Editorial: Orientation should include resource training

Pre-orientation programs are beginning to prepare for the class of 2022. Last month, FOCUS co-ordinators announced that they will partner with Tisch College to encourage continued community service after the program ends, and the Office for Student Success and Advising is developing a new program called BEAST for first generation students. It is fantastic that pre-orientation programs are moving toward inclusivity and finding new ways to expand connections and experiences for students. Additionally, as Tufts expands upon the programs important for the social success of incoming students, holistic guidance on available academic resources should also be provided to first-years during orientation week.

Academic resources are clearly underutilized. People either don’t know that certain services exist or don’t know how to use them. Tisch Library offers a plethora of tools to comb through and access huge amounts of data, JumboSearch being the most widely known. But assets like JumboSearch are not introduced during orientation. Though deans of different schools hold information sessions for students early in the semester, the sessions’ content is mostly superficial, focusing on a general guideline of what courses to take rather than how to be successful in classes. Most structured guidance is provided through introductory classes, focused on the pertinent academic field of the class. If so, this means that people who don’t take these classes are placed at a natural disadvantage in writing academic papers in “higher tier” classes, which require extensive and good quality research.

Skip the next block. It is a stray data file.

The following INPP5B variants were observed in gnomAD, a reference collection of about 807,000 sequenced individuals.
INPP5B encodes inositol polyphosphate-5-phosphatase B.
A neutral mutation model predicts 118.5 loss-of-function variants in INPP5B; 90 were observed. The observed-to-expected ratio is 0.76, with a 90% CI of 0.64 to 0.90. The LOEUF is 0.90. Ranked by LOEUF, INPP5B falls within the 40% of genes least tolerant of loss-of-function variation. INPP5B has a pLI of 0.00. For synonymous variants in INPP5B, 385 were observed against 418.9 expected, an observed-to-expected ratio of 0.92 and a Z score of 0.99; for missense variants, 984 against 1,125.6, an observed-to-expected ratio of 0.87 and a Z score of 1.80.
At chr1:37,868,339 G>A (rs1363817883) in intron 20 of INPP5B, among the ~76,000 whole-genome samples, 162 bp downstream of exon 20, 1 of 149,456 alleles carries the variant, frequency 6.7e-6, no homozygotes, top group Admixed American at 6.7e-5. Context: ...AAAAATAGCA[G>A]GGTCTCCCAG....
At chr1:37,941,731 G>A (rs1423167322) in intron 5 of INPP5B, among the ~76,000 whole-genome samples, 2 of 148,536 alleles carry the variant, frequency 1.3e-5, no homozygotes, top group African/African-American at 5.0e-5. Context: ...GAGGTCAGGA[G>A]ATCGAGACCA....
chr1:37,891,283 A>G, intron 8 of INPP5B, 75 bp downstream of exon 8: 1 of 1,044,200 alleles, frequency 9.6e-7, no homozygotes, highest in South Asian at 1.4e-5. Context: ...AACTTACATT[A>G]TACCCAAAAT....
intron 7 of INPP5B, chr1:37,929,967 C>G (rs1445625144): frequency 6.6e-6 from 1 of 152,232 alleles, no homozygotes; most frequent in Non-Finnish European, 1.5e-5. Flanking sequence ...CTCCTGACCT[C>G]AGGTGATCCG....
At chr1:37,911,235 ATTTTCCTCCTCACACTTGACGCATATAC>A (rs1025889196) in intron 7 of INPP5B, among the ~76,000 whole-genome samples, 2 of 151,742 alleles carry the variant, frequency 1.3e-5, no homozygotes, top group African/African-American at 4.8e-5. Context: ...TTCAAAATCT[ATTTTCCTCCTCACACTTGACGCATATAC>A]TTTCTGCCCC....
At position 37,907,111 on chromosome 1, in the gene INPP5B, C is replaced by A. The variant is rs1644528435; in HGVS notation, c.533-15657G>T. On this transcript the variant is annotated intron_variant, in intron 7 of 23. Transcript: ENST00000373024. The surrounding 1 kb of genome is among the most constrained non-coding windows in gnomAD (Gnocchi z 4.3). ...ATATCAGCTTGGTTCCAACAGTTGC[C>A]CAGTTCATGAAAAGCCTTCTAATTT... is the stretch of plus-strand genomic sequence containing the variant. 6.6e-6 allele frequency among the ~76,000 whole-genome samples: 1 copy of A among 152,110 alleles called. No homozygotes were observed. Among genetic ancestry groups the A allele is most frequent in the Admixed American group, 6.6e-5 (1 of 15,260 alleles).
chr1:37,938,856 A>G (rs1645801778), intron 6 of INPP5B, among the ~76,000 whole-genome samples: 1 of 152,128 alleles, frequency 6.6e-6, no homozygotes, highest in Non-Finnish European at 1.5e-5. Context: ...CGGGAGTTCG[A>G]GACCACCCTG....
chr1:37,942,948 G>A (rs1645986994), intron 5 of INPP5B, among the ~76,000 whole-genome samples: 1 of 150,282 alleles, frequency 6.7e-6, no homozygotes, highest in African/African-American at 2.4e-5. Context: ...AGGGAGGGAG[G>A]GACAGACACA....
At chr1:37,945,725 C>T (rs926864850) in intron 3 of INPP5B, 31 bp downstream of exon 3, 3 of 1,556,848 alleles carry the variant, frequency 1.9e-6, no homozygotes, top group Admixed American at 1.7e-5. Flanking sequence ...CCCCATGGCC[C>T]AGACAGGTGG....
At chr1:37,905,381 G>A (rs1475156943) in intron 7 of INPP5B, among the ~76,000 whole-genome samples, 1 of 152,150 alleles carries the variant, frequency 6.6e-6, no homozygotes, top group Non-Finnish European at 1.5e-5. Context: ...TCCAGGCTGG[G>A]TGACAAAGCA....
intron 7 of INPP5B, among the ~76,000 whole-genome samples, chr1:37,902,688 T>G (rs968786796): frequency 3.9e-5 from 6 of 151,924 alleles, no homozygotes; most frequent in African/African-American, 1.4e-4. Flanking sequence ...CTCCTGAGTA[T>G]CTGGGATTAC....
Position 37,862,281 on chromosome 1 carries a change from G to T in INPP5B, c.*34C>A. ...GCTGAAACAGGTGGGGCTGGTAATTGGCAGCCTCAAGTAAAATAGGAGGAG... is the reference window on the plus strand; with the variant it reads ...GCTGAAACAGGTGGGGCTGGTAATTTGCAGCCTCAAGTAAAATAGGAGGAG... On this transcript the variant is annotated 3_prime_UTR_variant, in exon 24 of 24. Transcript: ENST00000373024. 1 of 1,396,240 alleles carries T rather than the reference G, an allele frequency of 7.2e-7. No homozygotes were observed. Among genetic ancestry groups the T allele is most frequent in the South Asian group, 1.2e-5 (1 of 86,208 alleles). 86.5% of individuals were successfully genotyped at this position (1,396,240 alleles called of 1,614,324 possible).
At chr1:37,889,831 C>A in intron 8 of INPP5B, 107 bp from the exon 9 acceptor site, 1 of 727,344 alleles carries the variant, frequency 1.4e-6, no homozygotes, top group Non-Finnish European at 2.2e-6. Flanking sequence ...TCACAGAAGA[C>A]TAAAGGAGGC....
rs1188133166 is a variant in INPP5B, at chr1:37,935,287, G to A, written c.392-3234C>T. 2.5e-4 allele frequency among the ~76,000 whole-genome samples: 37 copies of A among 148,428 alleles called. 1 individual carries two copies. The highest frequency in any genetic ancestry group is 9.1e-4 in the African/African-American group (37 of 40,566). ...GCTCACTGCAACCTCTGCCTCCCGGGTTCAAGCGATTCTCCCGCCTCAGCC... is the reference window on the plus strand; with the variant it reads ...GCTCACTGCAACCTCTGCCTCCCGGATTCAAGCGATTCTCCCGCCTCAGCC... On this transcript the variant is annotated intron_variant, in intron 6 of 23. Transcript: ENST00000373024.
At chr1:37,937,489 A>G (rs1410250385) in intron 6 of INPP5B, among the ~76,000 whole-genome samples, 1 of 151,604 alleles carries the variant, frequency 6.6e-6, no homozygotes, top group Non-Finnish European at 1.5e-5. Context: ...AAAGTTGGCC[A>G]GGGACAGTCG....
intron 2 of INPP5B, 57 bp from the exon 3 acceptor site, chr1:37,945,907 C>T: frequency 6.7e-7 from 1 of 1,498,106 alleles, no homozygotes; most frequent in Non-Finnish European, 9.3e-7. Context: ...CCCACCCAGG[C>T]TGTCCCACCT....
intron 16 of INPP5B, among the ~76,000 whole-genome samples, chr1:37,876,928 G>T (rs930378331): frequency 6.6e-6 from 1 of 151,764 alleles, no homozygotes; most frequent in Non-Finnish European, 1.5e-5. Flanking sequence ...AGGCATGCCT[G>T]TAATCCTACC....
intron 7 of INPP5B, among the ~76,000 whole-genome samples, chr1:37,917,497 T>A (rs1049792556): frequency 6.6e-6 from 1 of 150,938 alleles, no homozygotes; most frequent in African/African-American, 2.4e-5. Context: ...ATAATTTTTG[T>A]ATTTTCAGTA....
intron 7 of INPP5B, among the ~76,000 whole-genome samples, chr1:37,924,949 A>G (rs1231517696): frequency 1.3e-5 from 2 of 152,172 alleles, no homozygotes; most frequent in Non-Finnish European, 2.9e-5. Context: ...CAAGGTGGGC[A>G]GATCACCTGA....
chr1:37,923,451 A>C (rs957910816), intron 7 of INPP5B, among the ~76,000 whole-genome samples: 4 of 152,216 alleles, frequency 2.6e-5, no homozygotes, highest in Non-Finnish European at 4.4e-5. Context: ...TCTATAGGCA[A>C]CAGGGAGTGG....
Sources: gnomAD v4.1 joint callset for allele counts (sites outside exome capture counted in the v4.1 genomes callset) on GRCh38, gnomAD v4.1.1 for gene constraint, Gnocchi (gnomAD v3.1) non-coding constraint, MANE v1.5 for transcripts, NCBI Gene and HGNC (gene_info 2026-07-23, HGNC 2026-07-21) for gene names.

Moreover, as the majority of undergraduates at Tufts explore different academic fields, some will benefit more from research methodologies, but all would gain from early guidance on achieving academic success. Guidance not only includes directing students to resources and teaching them how to use them, but also advising them on good research preparation habits and time management skills. Programs like Tufts Academic Mentors (TAM), the Academic Resource Center (ARC), and Time Management and Study Strategies (TM&SS) are more than just acronyms, they are extremely useful entities and should be promoted to all students, first-years especially. Even if it’s the student’s responsibility to utilize the information at their disposal, it is the university’s responsibility to notify students of the tools they have to make such decisions.

It is important to inculcate the benefits of learning research skills as well. Often, incoming students retain a high-school mentality, which creates a false impression that simple memorization will lead to academic success. Many Tufts students did not have to strain much to succeed in high school. Once we get to Tufts, we are not only held to a higher standard, but there is a certain expectation of zest for learning that was not present in high school. First-year students should be made aware of, and be trained in, the appropriate resources to make the most of their academics here at Tufts and beyond — not because we have to, but because we want to. 


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